I would absolutely love it if Rowling could forget that everyone knew who she was. I would love it if she wrote the third in the series with the same pretense and care as the first one. I would love to see her writing style developing and growing into something new and exciting, while still retaining that familiar sparkle of wit, whimsy and magic. She does all that so well. And I sincerely hope that the next time she or another famous author chooses a pen-name, they don't get outed before they are ready to do the Big Reveal, even if that turns out to be posthumously. It ruins it for the rest of us who like to guess, and like to experience new novels on their own terms, without the overhanging shadow of unconscious judgement and comparison clouding over what would otherwise have been a dazzling read.

That said - I loved The Silkworm. Loved it. Go and read it, and maybe you'll see what I mean!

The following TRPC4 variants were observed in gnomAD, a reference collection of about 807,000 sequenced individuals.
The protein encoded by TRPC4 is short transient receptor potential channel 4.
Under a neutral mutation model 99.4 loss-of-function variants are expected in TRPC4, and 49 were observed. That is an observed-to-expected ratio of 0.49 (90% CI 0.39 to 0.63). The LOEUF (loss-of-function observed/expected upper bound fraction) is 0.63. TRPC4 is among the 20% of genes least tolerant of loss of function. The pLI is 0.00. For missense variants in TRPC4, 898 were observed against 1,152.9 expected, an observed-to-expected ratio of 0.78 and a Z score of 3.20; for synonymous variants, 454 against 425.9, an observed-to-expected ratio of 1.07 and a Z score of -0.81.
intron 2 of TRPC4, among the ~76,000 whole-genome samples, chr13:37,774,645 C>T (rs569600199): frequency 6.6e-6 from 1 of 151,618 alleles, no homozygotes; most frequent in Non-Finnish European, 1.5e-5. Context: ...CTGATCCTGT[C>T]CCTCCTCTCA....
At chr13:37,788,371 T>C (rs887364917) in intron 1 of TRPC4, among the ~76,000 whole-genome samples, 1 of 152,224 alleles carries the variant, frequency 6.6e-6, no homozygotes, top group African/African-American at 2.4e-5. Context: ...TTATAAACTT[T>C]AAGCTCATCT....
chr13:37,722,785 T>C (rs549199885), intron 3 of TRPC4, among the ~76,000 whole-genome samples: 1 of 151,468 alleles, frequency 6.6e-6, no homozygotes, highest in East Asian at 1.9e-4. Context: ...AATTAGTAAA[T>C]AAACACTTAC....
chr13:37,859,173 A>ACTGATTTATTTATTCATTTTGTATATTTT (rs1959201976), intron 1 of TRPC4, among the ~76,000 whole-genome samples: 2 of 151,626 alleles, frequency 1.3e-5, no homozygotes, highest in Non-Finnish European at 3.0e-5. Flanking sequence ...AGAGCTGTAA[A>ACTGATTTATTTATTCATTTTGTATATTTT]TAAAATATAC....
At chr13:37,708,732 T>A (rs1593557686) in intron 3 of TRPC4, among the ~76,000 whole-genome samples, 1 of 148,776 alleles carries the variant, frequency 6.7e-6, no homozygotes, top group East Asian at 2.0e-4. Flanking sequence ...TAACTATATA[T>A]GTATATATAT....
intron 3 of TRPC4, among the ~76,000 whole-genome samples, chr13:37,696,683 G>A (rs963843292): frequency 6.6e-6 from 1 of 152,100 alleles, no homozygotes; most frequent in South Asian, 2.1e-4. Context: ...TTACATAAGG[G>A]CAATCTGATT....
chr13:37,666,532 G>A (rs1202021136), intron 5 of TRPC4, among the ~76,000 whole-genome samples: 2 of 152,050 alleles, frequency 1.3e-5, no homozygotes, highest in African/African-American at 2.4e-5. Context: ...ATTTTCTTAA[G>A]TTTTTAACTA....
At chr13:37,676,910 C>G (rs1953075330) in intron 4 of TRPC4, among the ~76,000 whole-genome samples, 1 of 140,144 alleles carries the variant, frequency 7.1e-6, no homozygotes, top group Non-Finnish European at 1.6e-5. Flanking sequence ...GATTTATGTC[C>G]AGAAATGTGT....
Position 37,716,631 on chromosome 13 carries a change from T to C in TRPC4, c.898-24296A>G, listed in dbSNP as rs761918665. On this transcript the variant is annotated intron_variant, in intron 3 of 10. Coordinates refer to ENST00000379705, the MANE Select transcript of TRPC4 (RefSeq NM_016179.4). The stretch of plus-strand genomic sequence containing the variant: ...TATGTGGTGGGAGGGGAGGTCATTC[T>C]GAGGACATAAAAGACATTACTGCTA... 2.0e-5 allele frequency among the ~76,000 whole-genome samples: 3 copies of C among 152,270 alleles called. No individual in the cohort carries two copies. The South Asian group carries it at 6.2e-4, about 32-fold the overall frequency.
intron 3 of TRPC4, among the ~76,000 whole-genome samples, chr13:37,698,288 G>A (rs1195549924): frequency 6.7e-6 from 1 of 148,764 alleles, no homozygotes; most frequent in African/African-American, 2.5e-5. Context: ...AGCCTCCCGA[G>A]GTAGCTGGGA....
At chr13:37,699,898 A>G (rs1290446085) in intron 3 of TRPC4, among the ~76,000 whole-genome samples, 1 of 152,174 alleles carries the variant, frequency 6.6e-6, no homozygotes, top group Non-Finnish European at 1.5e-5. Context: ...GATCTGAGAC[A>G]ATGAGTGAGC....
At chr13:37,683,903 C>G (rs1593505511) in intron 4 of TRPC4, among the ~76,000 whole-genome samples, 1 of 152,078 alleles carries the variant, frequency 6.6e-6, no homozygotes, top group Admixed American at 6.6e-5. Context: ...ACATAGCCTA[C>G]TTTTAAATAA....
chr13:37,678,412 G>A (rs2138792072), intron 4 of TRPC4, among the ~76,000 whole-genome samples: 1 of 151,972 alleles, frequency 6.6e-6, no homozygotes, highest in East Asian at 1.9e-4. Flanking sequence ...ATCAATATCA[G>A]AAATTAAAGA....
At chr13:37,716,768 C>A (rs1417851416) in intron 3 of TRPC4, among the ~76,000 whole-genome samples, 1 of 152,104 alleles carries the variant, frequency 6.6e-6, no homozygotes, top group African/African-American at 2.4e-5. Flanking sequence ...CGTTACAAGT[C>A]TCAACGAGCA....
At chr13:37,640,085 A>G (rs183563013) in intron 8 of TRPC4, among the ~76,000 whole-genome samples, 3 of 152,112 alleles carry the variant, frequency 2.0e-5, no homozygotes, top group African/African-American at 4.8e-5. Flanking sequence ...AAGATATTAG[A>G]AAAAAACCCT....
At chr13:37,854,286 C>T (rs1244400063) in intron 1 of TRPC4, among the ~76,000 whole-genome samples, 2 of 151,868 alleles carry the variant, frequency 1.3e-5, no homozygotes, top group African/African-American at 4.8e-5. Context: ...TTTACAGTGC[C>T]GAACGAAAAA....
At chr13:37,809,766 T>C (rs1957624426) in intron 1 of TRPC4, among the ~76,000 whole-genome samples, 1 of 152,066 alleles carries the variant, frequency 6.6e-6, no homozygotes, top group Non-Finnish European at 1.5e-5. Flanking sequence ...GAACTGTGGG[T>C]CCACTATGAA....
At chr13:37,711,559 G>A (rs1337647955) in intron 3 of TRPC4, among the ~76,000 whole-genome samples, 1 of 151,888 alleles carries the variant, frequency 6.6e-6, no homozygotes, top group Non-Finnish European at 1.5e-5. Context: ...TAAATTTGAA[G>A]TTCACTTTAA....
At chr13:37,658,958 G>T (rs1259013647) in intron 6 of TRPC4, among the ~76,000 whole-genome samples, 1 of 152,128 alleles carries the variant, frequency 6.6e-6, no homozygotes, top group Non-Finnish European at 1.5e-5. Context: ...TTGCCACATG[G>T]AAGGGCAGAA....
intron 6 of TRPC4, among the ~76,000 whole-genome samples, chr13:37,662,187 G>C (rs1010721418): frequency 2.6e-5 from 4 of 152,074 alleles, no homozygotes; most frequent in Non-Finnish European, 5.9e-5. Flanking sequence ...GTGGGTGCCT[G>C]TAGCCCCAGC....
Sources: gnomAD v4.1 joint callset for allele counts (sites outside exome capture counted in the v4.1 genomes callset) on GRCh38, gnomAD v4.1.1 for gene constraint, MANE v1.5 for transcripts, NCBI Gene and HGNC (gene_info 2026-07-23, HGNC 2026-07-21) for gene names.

Wednesday, 28 May 2014

The Zodiac Posts: CAPRICORN [2]

#WeNeedDiverseBooks b/c I rarely saw my older family in KidLit & then often as figures of fun...




I was surprised when reading through the #WeNeedDiverseBooks hashtag on twitter that while sexuality, gender and race were prominent issues, no one mentioned the need for older characters in KidLit to be more three-dimensional, or for there to be more books where the child protagonist is raised by their grandparents or elders. I'm not the best at fitting my thoughts into 140 characters, so when I tried to find out why this was, people thought I was accusing the campaign of being ageist. Only one person who read my original tweet Interested in views on in fiction - didn't seem to cover too many older characters or portrayal of older ppl? recommended a Children's book that featured elders in a positive and respectful light. [I'd thought the "in KidLit" was implied by the use of the hashtag! Oops!]